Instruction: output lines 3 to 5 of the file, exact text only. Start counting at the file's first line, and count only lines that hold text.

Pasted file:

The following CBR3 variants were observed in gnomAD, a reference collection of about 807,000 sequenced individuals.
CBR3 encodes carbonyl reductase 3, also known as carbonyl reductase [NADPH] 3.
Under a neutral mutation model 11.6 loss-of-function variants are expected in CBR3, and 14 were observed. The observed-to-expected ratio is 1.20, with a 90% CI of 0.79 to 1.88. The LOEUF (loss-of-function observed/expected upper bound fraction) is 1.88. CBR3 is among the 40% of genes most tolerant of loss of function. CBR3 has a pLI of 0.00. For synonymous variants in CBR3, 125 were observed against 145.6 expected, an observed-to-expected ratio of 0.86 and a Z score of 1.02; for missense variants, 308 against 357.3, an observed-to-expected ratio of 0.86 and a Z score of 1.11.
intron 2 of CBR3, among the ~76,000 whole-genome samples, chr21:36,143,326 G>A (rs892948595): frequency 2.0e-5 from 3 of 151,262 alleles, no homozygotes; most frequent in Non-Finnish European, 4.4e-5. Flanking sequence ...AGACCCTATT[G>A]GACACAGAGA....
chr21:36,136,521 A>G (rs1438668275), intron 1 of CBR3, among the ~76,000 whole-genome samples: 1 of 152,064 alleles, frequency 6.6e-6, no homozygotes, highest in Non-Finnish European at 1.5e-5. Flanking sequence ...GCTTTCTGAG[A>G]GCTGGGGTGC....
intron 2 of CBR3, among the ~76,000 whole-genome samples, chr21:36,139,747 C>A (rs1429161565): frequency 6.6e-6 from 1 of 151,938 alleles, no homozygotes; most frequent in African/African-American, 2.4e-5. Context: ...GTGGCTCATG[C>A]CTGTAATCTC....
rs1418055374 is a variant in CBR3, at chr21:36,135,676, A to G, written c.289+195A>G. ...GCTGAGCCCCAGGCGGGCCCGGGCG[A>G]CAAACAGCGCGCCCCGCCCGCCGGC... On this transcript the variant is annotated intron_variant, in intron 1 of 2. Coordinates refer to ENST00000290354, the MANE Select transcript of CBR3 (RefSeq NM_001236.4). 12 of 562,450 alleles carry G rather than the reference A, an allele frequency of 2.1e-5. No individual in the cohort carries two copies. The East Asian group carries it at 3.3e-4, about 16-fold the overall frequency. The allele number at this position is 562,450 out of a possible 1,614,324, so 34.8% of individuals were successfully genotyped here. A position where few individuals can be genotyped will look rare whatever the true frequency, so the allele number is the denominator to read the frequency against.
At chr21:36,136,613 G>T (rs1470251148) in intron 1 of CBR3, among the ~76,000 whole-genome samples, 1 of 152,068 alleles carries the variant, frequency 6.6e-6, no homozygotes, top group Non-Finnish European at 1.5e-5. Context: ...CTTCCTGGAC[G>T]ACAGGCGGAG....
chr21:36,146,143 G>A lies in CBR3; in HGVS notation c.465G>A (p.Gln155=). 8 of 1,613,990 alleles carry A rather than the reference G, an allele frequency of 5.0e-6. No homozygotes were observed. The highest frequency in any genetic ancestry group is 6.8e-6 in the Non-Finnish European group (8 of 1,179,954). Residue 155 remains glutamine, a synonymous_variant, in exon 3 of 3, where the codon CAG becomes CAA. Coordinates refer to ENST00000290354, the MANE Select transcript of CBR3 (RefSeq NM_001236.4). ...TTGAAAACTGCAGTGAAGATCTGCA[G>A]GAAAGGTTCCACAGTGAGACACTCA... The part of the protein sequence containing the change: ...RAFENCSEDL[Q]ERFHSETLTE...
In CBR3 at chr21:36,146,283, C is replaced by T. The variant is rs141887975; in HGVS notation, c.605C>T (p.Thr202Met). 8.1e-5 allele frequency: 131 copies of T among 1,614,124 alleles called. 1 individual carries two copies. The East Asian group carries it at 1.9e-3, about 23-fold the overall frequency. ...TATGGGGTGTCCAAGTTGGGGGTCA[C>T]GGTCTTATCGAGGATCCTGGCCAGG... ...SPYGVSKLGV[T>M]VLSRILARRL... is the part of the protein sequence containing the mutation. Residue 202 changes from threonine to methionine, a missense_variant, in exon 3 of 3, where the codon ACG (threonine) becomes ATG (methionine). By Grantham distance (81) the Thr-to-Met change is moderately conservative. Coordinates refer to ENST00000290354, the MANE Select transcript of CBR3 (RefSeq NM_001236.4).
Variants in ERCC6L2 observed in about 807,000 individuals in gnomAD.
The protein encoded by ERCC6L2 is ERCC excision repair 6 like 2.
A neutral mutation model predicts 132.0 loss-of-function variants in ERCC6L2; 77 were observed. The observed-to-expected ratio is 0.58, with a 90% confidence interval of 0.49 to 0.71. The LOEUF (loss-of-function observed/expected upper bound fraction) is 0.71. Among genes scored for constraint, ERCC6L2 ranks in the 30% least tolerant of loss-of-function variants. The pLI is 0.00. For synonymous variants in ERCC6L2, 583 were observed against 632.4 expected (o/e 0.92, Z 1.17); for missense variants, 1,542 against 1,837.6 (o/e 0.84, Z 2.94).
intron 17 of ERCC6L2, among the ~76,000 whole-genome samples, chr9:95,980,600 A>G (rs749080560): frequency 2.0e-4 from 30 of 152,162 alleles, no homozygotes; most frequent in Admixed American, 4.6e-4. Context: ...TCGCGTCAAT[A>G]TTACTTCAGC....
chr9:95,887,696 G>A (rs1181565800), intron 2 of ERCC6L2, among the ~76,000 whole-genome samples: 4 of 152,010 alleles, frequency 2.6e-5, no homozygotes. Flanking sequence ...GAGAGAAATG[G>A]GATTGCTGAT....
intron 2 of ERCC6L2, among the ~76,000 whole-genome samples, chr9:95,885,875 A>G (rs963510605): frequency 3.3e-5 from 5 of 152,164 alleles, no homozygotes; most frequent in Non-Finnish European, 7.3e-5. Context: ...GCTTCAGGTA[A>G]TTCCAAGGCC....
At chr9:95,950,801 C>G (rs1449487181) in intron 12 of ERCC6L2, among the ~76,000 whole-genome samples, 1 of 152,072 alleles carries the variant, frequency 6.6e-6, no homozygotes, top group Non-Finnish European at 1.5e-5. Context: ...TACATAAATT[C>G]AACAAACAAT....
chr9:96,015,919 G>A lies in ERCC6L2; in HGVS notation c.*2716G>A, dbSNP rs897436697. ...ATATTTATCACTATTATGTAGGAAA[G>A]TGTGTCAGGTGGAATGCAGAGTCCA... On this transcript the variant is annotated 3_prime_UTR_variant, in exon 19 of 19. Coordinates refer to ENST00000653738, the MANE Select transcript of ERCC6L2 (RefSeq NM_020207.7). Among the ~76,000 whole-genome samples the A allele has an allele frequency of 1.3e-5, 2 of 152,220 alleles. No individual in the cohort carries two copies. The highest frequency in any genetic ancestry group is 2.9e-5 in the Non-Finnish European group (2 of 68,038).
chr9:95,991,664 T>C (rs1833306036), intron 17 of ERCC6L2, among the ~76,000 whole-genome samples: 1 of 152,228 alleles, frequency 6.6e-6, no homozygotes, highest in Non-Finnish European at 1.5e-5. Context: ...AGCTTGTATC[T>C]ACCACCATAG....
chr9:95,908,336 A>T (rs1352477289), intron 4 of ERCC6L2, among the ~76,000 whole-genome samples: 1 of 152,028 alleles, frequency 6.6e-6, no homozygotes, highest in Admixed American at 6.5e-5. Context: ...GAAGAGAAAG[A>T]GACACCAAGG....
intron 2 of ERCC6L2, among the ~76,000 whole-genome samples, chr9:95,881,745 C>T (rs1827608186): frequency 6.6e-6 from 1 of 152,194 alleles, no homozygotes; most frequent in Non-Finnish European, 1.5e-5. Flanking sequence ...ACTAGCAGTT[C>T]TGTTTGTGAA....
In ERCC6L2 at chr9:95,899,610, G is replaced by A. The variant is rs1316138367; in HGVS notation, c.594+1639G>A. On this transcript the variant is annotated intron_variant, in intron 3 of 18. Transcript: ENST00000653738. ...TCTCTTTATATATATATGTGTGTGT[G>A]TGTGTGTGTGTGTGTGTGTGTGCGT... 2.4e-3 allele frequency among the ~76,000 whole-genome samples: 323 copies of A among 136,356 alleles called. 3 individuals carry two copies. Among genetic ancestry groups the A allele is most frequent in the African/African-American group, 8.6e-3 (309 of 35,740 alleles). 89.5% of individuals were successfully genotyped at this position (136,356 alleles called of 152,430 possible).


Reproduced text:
Under a neutral mutation model 11.6 loss-of-function variants are expected in CBR3, and 14 were observed. The observed-to-expected ratio is 1.20, with a 90% CI of 0.79 to 1.88. The LOEUF (loss-of-function observed/expected upper bound fraction) is 1.88. CBR3 is among the 40% of genes most tolerant of loss of function. CBR3 has a pLI of 0.00. For synonymous variants in CBR3, 125 were observed against 145.6 expected, an observed-to-expected ratio of 0.86 and a Z score of 1.02; for missense variants, 308 against 357.3, an observed-to-expected ratio of 0.86 and a Z score of 1.11.
intron 2 of CBR3, among the ~76,000 whole-genome samples, chr21:36,143,326 G>A (rs892948595): frequency 2.0e-5 from 3 of 151,262 alleles, no homozygotes; most frequent in Non-Finnish European, 4.4e-5. Flanking sequence ...AGACCCTATT[G>A]GACACAGAGA....
chr21:36,136,521 A>G (rs1438668275), intron 1 of CBR3, among the ~76,000 whole-genome samples: 1 of 152,064 alleles, frequency 6.6e-6, no homozygotes, highest in Non-Finnish European at 1.5e-5. Flanking sequence ...GCTTTCTGAG[A>G]GCTGGGGTGC....